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Richard Branson on Business Lessons From Parenting

Richard Branson on Business Lessons From Parenting
Image credit: money.ca.msn.com

Entrepreneurs sometimes look at me like I'm crazy when I talk about work-life balance and the importance of maintaining a rich personal life. But taking time away from the office isn't just a luxury -- it can be hard work. If you think running a business is tough, try bringing up a baby. Raising children is one of the few things that is more rewarding than building a business, and for many people, including myself, the skills carry over from one to the other.

Whether you're starting a business or having a baby, you have to do a huge amount of planning before the big day arrives -- and no matter how much you prepare, something unexpected will happen. When my wife, Joan, was pregnant with our daughter Holly, I went to a work-related party thinking that all would be fine. I came home blazing drunk and fell into bed. The next thing I knew, Joan was shaking and slapping me. She'd gone into labor six weeks early, and we needed to get her to the hospital. Once I gathered my wits and realized what the situation was, I was extremely awake and ready to go, right away!

That was just the first moment in what has been more than 30 years of surprises, which have included everything from the usual childhood tumbles and mishaps to the happy day two years ago when Holly told me that she was getting married. These moments as a parent taught me to be ready to adapt to change -- to think on my feet and stay level-headed, no matter what. Just recently I was helping our team at Virgin Active launch a new free tennis initiative, and a ride on the London Eye, the city's landmark Ferris wheel, was a centerpiece of the festivities. Just as we were about to climb aboard, it broke down. Rather than calling off the launch, we quickly set up a mini-tennis court nearby and were soon having fun and getting our message across.

You're also likely to pick up some time management skills in either situation. Joan and I were incredibly busy after Holly's birth, and not just with baby raising: Virgin Records was expanding, and I was going through one of the most intense periods of my career. At the time we were living on our houseboat in Little Venice, a neighborhood in London, and my office was set up onboard -- specifically, in a small room next to the bedroom, with a desk crammed between the bilge pump and the stairs. Joan and Holly remained wrapped up warm in the bedroom for most of the winter, and I went back and forth between the two rooms.

When time is tight, you have to be ready to pick up new skills on the fly. Just as you won't really know how to change a diaper until you've bundled up your little one all fresh and dry, when you have a small team and big ambitions for your business, you need to roll up your sleeves and get to work. Back when Virgin was starting up, my job titles ranged from founder and chief marketer to treasurer and receptionist.

This brings me to another common trait that busy entrepreneurs and new parents share: sleep deprivation. I spoke with many promising Peruvian entrepreneurs when I was in Lima recently. One woman told me that she was worrying so much about getting her new business off the ground that she was struggling to sleep. Overtired, she was forgetting to complete tasks and had found herself ignoring her fiancé because she was too busy writing Post-it note reminders and attaching them to her bedstead.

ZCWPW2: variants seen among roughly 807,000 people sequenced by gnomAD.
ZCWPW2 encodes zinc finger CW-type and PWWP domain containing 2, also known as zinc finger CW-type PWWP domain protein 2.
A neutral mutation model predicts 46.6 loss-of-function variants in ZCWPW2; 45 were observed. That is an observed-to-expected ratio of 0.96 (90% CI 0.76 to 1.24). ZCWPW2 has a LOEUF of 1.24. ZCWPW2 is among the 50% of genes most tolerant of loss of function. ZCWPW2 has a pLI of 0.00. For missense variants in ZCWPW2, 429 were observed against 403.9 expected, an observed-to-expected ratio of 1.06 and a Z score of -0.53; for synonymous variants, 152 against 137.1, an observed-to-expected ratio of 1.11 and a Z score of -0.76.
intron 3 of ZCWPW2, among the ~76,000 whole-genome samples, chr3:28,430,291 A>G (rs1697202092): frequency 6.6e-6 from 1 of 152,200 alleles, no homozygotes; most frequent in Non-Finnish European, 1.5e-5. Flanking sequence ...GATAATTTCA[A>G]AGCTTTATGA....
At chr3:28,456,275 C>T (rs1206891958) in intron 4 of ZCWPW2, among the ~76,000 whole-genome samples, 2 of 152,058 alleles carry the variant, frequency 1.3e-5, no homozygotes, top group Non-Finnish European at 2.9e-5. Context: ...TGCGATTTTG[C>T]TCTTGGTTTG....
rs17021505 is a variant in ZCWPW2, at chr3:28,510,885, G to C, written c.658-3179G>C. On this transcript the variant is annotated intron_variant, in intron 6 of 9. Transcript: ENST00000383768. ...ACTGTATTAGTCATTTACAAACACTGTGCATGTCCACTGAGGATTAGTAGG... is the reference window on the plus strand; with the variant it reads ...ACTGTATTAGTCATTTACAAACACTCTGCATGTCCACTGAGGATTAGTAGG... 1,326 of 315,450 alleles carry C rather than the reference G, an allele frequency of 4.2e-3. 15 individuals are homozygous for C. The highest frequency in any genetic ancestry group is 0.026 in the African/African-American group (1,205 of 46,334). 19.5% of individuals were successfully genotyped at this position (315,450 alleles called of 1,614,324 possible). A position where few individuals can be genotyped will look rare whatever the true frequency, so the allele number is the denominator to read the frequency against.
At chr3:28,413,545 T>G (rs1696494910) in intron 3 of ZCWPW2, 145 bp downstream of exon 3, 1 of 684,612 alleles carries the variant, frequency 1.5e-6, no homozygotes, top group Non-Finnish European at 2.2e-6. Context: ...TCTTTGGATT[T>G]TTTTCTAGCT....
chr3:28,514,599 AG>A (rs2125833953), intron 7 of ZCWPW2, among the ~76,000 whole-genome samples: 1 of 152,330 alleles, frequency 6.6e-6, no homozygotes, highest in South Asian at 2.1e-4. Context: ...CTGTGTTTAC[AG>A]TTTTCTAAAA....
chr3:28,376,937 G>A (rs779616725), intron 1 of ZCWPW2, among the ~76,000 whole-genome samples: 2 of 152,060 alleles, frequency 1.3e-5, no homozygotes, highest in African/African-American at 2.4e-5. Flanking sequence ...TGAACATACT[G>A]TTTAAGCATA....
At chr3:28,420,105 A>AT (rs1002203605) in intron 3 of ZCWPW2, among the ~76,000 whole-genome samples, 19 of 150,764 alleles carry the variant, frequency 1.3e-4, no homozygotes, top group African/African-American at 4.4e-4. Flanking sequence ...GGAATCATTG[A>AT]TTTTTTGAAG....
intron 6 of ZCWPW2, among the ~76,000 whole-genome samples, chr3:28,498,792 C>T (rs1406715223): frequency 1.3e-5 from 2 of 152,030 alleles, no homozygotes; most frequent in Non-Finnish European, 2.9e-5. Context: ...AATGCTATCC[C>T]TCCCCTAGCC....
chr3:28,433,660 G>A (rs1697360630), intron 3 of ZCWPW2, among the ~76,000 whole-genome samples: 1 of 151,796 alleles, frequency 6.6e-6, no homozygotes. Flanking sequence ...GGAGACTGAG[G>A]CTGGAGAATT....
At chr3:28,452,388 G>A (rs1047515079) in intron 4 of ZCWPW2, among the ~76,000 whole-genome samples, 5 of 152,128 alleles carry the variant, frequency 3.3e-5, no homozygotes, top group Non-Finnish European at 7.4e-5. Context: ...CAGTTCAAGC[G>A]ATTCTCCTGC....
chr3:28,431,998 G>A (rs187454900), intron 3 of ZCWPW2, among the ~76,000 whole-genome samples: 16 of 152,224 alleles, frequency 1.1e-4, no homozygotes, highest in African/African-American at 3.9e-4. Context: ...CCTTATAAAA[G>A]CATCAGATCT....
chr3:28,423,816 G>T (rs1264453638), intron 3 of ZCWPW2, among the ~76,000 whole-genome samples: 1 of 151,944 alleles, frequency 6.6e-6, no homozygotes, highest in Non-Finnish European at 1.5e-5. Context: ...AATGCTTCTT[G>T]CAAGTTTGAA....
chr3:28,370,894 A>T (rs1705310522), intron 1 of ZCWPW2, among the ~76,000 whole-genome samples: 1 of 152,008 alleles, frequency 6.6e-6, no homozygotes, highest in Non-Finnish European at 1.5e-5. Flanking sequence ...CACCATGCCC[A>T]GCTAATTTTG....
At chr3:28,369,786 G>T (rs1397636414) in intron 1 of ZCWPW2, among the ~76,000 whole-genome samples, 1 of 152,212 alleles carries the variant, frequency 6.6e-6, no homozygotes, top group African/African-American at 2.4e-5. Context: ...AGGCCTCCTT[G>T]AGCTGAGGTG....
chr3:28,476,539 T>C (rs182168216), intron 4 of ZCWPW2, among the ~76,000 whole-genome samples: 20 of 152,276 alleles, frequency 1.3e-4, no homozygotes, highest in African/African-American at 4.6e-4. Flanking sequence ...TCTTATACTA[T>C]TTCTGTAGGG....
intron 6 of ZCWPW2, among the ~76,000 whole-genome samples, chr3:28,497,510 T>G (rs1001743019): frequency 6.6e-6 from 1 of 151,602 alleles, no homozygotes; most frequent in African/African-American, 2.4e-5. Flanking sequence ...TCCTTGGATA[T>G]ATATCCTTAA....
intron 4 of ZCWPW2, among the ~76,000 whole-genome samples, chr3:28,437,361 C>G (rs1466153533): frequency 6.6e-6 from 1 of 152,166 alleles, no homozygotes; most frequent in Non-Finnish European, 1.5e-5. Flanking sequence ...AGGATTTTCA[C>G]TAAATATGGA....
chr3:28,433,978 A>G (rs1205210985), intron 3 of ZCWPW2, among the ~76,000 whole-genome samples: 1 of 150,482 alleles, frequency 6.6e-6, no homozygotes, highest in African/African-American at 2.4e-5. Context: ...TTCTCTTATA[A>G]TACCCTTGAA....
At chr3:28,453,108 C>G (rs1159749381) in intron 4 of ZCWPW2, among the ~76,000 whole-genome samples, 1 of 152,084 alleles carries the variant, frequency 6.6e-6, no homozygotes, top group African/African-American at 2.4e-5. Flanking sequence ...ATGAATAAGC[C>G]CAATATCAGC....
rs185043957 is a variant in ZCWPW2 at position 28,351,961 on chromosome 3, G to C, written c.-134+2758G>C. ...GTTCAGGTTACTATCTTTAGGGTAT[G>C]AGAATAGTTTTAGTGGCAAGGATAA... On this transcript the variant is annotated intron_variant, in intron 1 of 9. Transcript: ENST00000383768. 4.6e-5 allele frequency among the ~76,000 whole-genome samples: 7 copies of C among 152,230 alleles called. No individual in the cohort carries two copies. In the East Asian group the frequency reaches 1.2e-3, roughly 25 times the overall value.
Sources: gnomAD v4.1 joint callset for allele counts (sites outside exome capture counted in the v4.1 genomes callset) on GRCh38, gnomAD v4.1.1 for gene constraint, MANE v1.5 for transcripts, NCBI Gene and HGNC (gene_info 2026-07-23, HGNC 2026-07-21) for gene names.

After commiserating about lack of sleep (I'd only had a few hours myself), I mentioned the importance of delegation. You have to show trust in your team, right from the start. I am always closely involved at first, then once a Virgin business is up and running, I keep tabs on everything from a distance, allowing the company's CEO to do his job and build his team. All the CEOs at Virgin make their own decisions, learn from their errors and celebrate their businesses' successes. I offer advice and support, but try to avoid stifling them through micromanagement.

I learned how to let go partly by helping Holly and my son, Sam, to grow up -- I had to give them the freedom to make mistakes and learn lessons for themselves, so that they would find their own paths in life. These days they're thriving. Holly went off to school to study medicine for many long years before joining us to do sterling work with Virgin Unite, our nonprofit foundation (and I love having her around). Meanwhile, Sam has built his own production company, Sundog Pictures, where he is creating remarkable films that tackle important social issues. Joan and I couldn't be prouder of them.

As a parent or an entrepreneur, you can never guess what will happen next, which is all part of the fun. In the classic comedy "Bringing Up Baby," Katharine Hepburn and Cary Grant get into all sorts of adventures while raising a leopard named Baby. When someone asks Grant: "What have you done?" He replies: "Just name anything and I've done it."

Whether you're starting a business or bringing up children (or leopards), anything you think can possibly happen, probably will, and many things you think are impossible will happen too. Welcome it all as a pleasure and privilege -- even changing diapers!
 

The author is an Entrepreneur contributor. The opinions expressed are those of the writer.

Richard Branson is the founder of Virgin Group, which consists of more than 400 companies around the world including Virgin Atlantic, Virgin America and Virgin Mobile. He is the author of six books including his latest, Like a Virgin: Secrets They Won't Teach You at Business School (Portfolio Trade, 2012).
 
Questions from readers will be answered by Richard Branson in future columns. Please include your name and country when you send your question to BransonQuestions@Entrepreneur.com.
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